Google Stadia: Exec Drops Two Big Clues About Future Cloud Gaming Service

Two crucial details might have been hinted at.

Google wants to free gamers from the expensive hardware and long download times gaming often requires with its upcoming Stadia cloud streaming service.

Soon, the company says, video game fans will be able to play AAA titles on any of their devices using just a Chrome browser and the Stadia controller. But while the community has quickly embraced this vision, there have also been few specifics, for example, when will this gaming revolution kick off and how much Google’s console-free gaming will cost.

Two big hints recently came to light, thanks to some remarks by Stadia chief Phil Harrison at GamesBeat Summit 2019 in Los Angeles California on April 23. These hints shed light on Google’s likely approach to pricing and when broadband networks will be ready to support lossless game streaming for the masses.

Stadia will be powered by Google’s global network of data centers that are in 200 countries. Users will pay to rent those servers’ computational and graphical power to run games instead of relying on their own hardware. This presents Google with a big opportunity to redefine what it’s like to buy and play video games. But of course, nailing pricing and connectivity will be pivotal to its success.

The cloud service needs a price that will appeal to both avid gamers and casual players. Most of all, it needs to ensure customers will be able to play games lag-free with their internet package.

Harrison teased plans to accomplish both of those things.

Google Stadia Pricing

Currently available cloud gaming services, like Sony’s PlayStation Now and Shadow, use a monthly-fee model similar to Netflix and Hulu. PS Now costs $20 per month and Shadow costs $34.95 every month for a yearly plan. For a full year, Sony’s service costs $240 and Shadow nearly doubles that to $408.

A monthly subscription model might be ideal for ardent gamers who play multiple times a week. But Harrison said Stadia plans to explore multiple pricing models, not simply the subscription fees used by all of its major competitors.

“There is no technical limitation on how we have architected the platform to support a variety of business models,” he said.

His comments support a statement made by Ubisoft’s CEO Yves Guillemot on April 9. At the time, the Stadia partner said customers will be able to “buy full price and you play; or you will be able to also register, possibly, to play either one hour or two hours a day.”

PS Now offers a $19.99 monthly subscription fee, which Stadia might aim to undercut.


People that can only game for a couple of hours on the weekend might find that a “pay-by-the-hour” model fits their habits perfectly. The option to go with an an hourly on-demand rate also makes it easier for cloud gaming skeptics to test out the service before they shell out $40 for an entire month.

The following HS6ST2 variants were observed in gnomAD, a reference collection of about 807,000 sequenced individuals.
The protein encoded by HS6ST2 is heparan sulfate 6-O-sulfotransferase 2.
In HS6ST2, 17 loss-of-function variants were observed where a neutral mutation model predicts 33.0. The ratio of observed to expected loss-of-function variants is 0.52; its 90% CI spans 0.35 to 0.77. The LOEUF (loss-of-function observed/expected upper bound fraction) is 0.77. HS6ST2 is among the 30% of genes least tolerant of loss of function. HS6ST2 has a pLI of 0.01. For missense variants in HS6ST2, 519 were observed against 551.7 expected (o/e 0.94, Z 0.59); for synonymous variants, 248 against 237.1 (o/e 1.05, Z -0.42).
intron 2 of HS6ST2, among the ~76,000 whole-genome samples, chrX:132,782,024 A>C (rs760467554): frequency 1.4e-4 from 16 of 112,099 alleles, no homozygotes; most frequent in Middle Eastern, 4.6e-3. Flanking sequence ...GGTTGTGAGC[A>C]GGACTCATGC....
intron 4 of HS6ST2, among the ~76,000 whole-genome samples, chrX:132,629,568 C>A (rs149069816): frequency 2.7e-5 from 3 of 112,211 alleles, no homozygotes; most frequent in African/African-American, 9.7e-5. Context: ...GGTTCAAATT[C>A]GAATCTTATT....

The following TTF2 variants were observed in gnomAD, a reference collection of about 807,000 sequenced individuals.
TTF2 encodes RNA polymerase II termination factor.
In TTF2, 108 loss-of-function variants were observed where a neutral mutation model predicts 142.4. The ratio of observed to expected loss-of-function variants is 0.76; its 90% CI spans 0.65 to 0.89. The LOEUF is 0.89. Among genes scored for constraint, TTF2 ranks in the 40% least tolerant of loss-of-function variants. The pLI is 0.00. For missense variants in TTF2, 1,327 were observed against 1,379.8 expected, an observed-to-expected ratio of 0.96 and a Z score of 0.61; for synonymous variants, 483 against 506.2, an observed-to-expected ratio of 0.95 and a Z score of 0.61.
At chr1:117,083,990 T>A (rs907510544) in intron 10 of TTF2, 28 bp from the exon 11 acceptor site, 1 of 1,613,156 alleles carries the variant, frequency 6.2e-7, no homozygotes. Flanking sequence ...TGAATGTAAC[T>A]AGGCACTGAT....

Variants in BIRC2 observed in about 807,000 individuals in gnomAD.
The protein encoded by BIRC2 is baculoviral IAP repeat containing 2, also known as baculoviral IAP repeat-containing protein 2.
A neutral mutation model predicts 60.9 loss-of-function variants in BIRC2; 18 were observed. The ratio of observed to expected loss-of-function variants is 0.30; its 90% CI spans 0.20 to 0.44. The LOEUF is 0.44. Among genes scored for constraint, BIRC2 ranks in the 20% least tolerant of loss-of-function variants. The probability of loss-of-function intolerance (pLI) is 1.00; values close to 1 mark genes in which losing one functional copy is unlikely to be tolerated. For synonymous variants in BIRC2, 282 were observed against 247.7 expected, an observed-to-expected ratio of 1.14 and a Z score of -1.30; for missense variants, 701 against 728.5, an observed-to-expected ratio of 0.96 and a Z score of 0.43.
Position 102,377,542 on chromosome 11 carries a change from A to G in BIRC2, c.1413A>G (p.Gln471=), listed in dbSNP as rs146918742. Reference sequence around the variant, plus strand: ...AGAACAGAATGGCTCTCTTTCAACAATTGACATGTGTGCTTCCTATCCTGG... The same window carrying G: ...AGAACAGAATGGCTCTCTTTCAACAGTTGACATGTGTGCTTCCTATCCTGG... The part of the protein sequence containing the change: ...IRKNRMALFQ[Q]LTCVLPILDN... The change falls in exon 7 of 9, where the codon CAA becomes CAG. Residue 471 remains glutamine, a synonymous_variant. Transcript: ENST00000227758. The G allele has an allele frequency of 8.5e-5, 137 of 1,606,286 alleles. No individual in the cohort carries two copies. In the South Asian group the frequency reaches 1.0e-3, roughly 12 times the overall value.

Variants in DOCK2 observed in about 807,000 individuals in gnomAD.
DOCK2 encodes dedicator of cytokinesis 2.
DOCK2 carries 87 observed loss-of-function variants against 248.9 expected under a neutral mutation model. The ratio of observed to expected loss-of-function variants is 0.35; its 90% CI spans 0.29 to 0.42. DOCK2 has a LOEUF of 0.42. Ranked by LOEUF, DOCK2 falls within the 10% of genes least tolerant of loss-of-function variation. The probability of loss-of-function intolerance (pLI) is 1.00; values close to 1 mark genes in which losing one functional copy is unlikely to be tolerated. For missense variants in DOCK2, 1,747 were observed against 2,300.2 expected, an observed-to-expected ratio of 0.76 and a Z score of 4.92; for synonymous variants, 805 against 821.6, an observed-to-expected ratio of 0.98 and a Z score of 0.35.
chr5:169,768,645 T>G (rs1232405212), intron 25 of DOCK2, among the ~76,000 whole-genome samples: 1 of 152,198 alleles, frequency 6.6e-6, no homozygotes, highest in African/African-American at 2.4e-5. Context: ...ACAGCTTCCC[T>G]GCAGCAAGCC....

Stadia is being positioned as a platform to suit gamers with increasingly flexible hardware arrays. It increasingly looks like it will follow a similar model for pricing.

Google Stadia Internet Connection

Harrison also took the opportunity to make it clear that customers won’t need 5G broadband to run Stadia. The Google VP said that the internet net plans available today are more than enough to run the services without any hiccups.

“Broadband connectivity is more than sufficient to satisfy the most ambitious aspects of our plan,” he said. “The bandwidth we require to enjoy Google Stadia at the highest level is only 30 to 35 megabits per second, and that’s to play at 4K. 20 to 25 megabits per second is enough for less than that, so it’s not a massive bandwidth that we require.”

Harrison  how Stadia will send gaming inputs and visual feedback back and forth from its servers to players.


There may be some bluster at play here. People who got the chance to test an early version of Stadia after its March 19 announcement noted lag issues that were even apparent during some of Stadia’s on-stage demo. Since all of Stadia’s games would be streamed over the internet, there’s a possibility that titles that wouldn’t stutter on consoles will lag on the service. Many of Harrison’s public statements about Stadia seem to be aimed at allaying these concerns.

For example at launch, the executive explained that Stadia will offer tutorials aimed at consumers to help them up their internet speeds using a mix of software fixes and hardware.

Harrison wouldn’t say exactly how this tutorial would look on Stadia, and it could even be a subtle push to sell gamers on Google’s Wifi hardware. The tech company began selling mesh-capable wireless routers in 2016 and now offers them at $99 a pop (or a three-pack for $259). These devices work in tandem to amplify Wifi signals inside of a home that might be suffering from dead zones.

Stadia has made sure to preemptively address many sources of skepticism. As for more tangible details like its release date and starting roster, fans will likely have to wait until its formal announcement. Fortunately, Harrison has already indicated that there will be another Stadia announcement in the summer, possible at the E3 conference in June.

Google will probably take this opportunity to tout the available games, but it may also introduce some more details about its plans for pricing Stadia and how it’ll help customers ensure they can play it seamlessly.

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